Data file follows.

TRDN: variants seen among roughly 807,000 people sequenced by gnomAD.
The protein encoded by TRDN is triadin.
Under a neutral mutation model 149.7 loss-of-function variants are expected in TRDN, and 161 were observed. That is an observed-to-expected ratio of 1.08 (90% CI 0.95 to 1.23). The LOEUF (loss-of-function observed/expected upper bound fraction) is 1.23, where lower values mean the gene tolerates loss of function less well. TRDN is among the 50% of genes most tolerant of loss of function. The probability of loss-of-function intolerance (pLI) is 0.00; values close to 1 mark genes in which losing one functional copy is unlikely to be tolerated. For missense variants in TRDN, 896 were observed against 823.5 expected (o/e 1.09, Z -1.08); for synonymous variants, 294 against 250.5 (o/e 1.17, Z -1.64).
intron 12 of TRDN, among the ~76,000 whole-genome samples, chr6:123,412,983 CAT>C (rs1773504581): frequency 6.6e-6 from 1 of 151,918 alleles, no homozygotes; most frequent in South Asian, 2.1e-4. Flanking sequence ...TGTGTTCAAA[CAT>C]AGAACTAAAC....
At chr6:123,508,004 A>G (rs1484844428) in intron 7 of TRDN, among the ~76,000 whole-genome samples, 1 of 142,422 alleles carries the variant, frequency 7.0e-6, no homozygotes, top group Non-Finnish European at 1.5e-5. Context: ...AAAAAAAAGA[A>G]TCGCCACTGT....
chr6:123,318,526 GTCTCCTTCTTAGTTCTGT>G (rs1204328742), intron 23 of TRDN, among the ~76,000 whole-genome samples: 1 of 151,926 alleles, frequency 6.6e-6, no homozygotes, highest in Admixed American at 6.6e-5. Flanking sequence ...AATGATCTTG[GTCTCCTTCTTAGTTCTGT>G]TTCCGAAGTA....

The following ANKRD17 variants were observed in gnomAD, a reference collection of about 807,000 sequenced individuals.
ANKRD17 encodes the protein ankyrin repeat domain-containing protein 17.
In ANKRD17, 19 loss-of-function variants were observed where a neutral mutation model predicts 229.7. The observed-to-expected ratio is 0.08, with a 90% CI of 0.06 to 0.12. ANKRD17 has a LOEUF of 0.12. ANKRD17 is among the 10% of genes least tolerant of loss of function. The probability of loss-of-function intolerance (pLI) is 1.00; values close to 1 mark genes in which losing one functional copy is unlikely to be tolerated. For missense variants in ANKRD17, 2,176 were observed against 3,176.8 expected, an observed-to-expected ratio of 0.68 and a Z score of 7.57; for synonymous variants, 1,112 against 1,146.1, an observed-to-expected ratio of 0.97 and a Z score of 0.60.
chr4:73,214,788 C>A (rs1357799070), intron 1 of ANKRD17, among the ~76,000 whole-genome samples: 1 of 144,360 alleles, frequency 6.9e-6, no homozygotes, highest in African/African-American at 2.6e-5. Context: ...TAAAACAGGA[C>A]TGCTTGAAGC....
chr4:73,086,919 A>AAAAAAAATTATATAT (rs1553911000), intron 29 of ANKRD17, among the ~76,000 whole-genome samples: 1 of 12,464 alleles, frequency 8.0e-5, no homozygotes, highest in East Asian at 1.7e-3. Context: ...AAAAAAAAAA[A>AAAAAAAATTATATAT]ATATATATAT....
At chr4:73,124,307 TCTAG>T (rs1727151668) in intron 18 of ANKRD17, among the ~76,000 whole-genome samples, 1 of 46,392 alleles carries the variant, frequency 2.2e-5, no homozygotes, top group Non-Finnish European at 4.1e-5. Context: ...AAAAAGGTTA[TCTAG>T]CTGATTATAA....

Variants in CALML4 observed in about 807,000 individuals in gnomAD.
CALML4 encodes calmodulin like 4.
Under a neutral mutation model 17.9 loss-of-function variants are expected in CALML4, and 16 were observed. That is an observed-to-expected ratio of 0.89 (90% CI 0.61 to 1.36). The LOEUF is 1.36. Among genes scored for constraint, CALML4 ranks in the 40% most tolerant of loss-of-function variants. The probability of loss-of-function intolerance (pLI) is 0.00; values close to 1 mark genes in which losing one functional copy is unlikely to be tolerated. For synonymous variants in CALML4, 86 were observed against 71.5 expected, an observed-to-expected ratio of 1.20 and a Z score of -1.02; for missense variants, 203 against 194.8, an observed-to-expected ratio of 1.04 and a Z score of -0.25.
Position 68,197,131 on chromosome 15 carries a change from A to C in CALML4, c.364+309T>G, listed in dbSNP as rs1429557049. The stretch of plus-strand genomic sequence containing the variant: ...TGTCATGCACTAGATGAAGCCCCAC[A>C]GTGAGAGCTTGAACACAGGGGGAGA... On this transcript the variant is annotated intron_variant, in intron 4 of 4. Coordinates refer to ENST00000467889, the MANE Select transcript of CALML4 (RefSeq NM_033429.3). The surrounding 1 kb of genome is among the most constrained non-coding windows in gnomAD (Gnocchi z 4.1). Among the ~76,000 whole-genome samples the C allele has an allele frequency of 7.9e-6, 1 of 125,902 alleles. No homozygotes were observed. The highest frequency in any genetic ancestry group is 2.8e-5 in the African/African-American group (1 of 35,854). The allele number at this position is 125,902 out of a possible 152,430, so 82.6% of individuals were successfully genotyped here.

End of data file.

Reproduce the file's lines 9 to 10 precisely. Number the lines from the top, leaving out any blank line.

In ANKRD17, 19 loss-of-function variants were observed where a neutral mutation model predicts 229.7. The observed-to-expected ratio is 0.08, with a 90% CI of 0.06 to 0.12. ANKRD17 has a LOEUF of 0.12. ANKRD17 is among the 10% of genes least tolerant of loss of function. The probability of loss-of-function intolerance (pLI) is 1.00; values close to 1 mark genes in which losing one functional copy is unlikely to be tolerated. For missense variants in ANKRD17, 2,176 were observed against 3,176.8 expected, an observed-to-expected ratio of 0.68 and a Z score of 7.57; for synonymous variants, 1,112 against 1,146.1, an observed-to-expected ratio of 0.97 and a Z score of 0.60.
chr4:73,214,788 C>A (rs1357799070), intron 1 of ANKRD17, among the ~76,000 whole-genome samples: 1 of 144,360 alleles, frequency 6.9e-6, no homozygotes, highest in African/African-American at 2.6e-5. Context: ...TAAAACAGGA[C>A]TGCTTGAAGC....